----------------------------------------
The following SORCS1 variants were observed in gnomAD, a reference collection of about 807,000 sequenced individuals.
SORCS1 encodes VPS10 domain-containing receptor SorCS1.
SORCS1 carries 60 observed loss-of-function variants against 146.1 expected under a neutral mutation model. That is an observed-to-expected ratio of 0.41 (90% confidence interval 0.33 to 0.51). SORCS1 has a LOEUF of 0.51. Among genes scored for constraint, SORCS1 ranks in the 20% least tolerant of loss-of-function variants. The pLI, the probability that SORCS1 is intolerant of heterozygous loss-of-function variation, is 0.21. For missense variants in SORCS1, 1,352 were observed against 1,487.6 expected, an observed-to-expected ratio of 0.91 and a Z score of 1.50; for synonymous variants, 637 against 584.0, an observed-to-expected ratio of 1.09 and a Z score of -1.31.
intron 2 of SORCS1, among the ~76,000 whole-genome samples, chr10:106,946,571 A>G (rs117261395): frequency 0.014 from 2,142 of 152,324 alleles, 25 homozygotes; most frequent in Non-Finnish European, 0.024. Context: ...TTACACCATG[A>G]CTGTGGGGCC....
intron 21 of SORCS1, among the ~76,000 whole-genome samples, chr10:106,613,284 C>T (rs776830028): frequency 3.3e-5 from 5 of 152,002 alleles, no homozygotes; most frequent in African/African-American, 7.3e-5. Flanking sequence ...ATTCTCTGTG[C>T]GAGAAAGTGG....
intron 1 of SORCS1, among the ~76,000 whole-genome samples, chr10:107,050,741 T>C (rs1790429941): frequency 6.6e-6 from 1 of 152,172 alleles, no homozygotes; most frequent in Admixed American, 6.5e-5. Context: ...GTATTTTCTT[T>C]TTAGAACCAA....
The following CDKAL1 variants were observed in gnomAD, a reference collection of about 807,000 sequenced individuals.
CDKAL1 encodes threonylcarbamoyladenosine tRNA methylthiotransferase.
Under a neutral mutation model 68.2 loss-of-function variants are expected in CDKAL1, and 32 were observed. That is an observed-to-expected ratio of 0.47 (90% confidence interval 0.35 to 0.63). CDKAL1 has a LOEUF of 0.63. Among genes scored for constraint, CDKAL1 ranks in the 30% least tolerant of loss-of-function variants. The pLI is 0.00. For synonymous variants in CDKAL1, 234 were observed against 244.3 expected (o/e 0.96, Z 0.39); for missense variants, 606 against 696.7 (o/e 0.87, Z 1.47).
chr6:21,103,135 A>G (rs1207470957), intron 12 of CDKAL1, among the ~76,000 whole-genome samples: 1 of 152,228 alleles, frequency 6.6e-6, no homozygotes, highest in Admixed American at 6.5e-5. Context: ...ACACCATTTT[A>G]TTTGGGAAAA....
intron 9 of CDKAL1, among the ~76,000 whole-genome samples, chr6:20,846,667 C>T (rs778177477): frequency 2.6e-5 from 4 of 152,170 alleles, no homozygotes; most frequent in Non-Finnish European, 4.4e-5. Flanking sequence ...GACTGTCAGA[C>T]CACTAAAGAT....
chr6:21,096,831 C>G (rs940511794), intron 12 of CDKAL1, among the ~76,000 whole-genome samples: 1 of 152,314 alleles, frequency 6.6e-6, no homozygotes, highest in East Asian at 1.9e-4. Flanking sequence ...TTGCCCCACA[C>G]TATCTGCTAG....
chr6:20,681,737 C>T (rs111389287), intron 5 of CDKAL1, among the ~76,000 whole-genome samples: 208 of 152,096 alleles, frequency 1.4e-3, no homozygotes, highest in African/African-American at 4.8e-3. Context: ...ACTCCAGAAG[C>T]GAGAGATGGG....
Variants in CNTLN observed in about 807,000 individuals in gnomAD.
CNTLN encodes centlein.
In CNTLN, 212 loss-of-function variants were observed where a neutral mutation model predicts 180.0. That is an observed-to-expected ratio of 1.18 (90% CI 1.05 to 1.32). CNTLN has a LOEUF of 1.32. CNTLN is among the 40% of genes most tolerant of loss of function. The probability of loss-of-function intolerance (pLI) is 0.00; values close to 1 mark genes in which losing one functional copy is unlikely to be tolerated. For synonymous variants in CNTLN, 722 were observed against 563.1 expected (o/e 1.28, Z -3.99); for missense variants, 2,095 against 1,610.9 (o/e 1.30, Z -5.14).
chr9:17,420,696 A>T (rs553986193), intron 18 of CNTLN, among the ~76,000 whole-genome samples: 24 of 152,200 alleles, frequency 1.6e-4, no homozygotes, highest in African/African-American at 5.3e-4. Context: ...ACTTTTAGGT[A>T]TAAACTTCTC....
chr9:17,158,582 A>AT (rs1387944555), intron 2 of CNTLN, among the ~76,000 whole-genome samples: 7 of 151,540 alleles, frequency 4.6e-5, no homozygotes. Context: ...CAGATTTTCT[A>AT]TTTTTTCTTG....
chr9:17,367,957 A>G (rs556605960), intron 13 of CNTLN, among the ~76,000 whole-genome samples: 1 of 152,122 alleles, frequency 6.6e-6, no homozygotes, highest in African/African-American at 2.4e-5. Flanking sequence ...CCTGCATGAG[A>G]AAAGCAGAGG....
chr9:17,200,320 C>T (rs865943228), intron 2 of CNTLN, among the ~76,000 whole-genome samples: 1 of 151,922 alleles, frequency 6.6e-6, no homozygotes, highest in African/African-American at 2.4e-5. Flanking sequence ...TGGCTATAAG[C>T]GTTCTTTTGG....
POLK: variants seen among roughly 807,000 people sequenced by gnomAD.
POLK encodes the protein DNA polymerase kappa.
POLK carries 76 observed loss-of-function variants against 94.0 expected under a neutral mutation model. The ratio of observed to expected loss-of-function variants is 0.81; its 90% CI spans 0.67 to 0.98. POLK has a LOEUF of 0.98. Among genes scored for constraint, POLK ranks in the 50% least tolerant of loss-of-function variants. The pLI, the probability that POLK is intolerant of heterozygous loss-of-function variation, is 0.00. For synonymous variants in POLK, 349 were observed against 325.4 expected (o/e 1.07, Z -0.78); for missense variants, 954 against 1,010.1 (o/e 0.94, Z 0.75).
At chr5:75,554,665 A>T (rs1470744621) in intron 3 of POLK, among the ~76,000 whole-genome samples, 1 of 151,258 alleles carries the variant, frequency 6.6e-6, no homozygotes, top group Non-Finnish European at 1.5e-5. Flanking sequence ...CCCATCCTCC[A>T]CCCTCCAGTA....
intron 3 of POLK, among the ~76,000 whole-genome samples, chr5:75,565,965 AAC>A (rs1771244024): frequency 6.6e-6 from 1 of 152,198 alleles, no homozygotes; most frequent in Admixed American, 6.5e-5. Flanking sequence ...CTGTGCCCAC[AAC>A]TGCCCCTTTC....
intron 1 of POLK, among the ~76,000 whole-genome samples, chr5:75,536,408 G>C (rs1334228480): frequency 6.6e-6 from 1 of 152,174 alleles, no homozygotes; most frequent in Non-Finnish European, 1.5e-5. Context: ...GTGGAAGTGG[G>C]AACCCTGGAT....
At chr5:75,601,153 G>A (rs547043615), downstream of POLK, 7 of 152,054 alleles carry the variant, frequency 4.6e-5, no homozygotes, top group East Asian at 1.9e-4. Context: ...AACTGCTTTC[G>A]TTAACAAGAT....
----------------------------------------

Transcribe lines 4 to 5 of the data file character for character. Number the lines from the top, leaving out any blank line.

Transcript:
intron 2 of SORCS1, among the ~76,000 whole-genome samples, chr10:106,946,571 A>G (rs117261395): frequency 0.014 from 2,142 of 152,324 alleles, 25 homozygotes; most frequent in Non-Finnish European, 0.024. Context: ...TTACACCATG[A>G]CTGTGGGGCC....
intron 21 of SORCS1, among the ~76,000 whole-genome samples, chr10:106,613,284 C>T (rs776830028): frequency 3.3e-5 from 5 of 152,002 alleles, no homozygotes; most frequent in African/African-American, 7.3e-5. Flanking sequence ...ATTCTCTGTG[C>T]GAGAAAGTGG....